Mike Tyson, who was a close friend of 2Pac, used it often as his entrance song, and a new version “Ambitionz Az a Fighta” was even created for him.
17. “Come Clean” by Jeru the Damaja
“Come Clean” is a hard rap song that was released in 1993 by Jeru the Damaja as part of his album The Sun Rises in the East.
It performed relatively well in the United States, reaching number six on the US Hot Dance Singles/Maxi-Singles Sales chart.
It also reached number ten on the US Hot Rap Singles Chart, number fifty-three on the US Hot R&B Singles chart, and number eighty-eight on the US Billboard Hot 100.
18. “Many Men (Wish Death)” by 50 Cent
“Many Men (Wish Death)” is a song from 50 Cent’s debut studio album Get Rich or Die Tryin’.
The 2003 song was produced by Eminem, Luis Resto, and Darell “Digga” Branch, and sampled Tavares’ “Out of the Picture”.
The song was an immediate hit, selling over three million copies in the United States and being certified triple platinum by the Recording Industry Association of America.
It hit number eleven on the US Billboard Bubbling Under R&B/Hip-Hop Singles.
19. “Wu-Tang Clan Ain’t Nuthing ta F’ Wit” by Wu-Tang Clan ft. RZA, Inspectah Deck & Method Man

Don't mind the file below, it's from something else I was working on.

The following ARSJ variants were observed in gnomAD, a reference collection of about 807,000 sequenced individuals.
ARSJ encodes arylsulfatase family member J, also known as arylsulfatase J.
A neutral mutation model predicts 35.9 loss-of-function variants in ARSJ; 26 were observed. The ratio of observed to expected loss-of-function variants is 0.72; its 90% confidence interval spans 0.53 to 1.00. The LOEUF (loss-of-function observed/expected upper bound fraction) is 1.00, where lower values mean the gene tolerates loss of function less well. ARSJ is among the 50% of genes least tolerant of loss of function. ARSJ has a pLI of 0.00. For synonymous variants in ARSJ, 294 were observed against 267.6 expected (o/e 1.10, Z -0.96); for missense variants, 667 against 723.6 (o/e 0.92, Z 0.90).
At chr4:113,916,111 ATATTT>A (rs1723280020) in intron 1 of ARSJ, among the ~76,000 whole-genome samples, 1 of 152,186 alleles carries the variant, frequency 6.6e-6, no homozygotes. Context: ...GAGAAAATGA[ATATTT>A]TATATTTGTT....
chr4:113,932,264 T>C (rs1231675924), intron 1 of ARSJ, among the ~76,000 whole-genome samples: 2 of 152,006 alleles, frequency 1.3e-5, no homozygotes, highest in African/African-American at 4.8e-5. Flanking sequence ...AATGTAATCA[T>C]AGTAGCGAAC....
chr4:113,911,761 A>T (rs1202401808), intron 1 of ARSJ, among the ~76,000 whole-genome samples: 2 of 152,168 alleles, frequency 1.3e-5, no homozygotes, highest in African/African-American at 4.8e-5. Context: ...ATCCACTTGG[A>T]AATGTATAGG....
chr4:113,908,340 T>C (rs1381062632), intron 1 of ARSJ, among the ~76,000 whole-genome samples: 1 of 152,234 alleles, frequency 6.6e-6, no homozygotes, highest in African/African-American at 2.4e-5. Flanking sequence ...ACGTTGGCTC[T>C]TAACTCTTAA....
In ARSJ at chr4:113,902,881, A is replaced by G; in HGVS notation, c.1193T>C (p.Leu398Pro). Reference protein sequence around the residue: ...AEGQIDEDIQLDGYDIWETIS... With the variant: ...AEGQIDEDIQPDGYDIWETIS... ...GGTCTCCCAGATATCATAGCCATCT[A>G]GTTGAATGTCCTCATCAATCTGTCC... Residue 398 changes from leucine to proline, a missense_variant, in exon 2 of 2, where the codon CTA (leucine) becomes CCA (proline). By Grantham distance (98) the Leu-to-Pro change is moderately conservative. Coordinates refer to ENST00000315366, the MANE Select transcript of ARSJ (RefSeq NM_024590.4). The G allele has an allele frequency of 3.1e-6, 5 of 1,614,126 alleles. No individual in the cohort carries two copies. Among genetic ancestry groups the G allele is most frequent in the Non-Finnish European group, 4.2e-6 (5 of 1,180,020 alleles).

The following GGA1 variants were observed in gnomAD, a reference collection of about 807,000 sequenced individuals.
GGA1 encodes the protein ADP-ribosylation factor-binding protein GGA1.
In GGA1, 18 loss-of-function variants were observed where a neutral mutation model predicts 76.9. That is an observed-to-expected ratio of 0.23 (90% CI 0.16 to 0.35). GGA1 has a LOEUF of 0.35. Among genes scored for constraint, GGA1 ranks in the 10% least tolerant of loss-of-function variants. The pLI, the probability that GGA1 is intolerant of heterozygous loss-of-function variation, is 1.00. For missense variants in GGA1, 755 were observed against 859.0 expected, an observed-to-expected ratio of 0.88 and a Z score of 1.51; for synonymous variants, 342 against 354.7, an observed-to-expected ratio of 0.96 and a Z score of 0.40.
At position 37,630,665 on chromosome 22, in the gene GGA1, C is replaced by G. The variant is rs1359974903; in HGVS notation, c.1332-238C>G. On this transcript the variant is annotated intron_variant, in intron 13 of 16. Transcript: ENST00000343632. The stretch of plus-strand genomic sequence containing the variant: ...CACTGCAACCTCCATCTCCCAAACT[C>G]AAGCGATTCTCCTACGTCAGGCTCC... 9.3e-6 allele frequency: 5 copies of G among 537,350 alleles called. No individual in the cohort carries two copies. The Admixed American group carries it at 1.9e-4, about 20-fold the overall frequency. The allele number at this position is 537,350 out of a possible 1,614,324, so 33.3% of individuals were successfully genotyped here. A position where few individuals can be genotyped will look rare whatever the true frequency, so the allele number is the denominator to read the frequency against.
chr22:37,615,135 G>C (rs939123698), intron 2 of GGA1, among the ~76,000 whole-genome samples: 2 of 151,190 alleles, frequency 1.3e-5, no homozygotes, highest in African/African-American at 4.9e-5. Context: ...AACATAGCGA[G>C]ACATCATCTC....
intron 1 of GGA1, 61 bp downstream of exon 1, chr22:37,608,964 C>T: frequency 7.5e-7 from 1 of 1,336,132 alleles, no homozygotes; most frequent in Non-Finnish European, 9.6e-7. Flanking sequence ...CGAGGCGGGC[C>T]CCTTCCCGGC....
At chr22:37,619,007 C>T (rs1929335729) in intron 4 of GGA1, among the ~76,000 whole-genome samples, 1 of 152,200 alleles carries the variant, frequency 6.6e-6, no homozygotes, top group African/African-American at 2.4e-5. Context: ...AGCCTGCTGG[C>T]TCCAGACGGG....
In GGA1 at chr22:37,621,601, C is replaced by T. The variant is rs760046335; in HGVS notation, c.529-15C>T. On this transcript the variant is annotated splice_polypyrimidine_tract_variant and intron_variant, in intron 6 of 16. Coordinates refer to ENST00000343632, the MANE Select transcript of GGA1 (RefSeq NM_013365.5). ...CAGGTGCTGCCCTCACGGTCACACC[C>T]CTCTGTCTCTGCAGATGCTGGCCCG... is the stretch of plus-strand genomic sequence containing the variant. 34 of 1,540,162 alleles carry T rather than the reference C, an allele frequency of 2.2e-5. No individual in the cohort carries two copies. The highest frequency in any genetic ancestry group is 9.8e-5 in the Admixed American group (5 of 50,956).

“Wu-Tang Clan Ain’t Nuthing ta F’ Wit” was released in 1993 on Wu-Tang Clan’s popular studio album Enter the Wu-Tang (36 Chambers).
It is one of their most popular songs, being streamed nearly one hundred and twenty-five million times on Spotify.
20. “L.A., L.A.” by Capone-N-Noreaga ft. Mobb Deep & Tragedy Khadafi
“L.A., L.A.” is a hard rap song by Capone-N-Noreaga, a hip-hop duo from New York.
It was released as the second single on their debut studio album The War Report in 1996 and features guest appearances from Mobb Deep and Tragedy Khadafi.
It was a response to Tha Dogg Pound, a Californian Duo, who released “New York, New York” during the crux of the East Coast-West Coast hip-hop rivalry.
Many people saw this as disrespect, so Capone-N-Noreaga clap back.
21. “I’m Bout It, Bout It” by Master P
“I’m Bout It, Bout It” is well-known as one of Master P’s best-ever releases.
It was released in 2006 on the compilation album No Limit Greatest Hits.
The song is one of Master P’s most popular, with over three million streams on Spotify.
Later, a follow-up single titled “Bout It, Bout It II” was released, which proved even more successful.
22. “Lyrical Gangbang” by Dr. Dre ft. RBX, Kurupt & The Lady of Rage
“Lyrical Gangbang” was released by Dr. Dre on his studio album The Chronic in 1992.
The song features RBX, Kurupt, and The Lady of Rage, who take on this hardcore rap track with a verse each.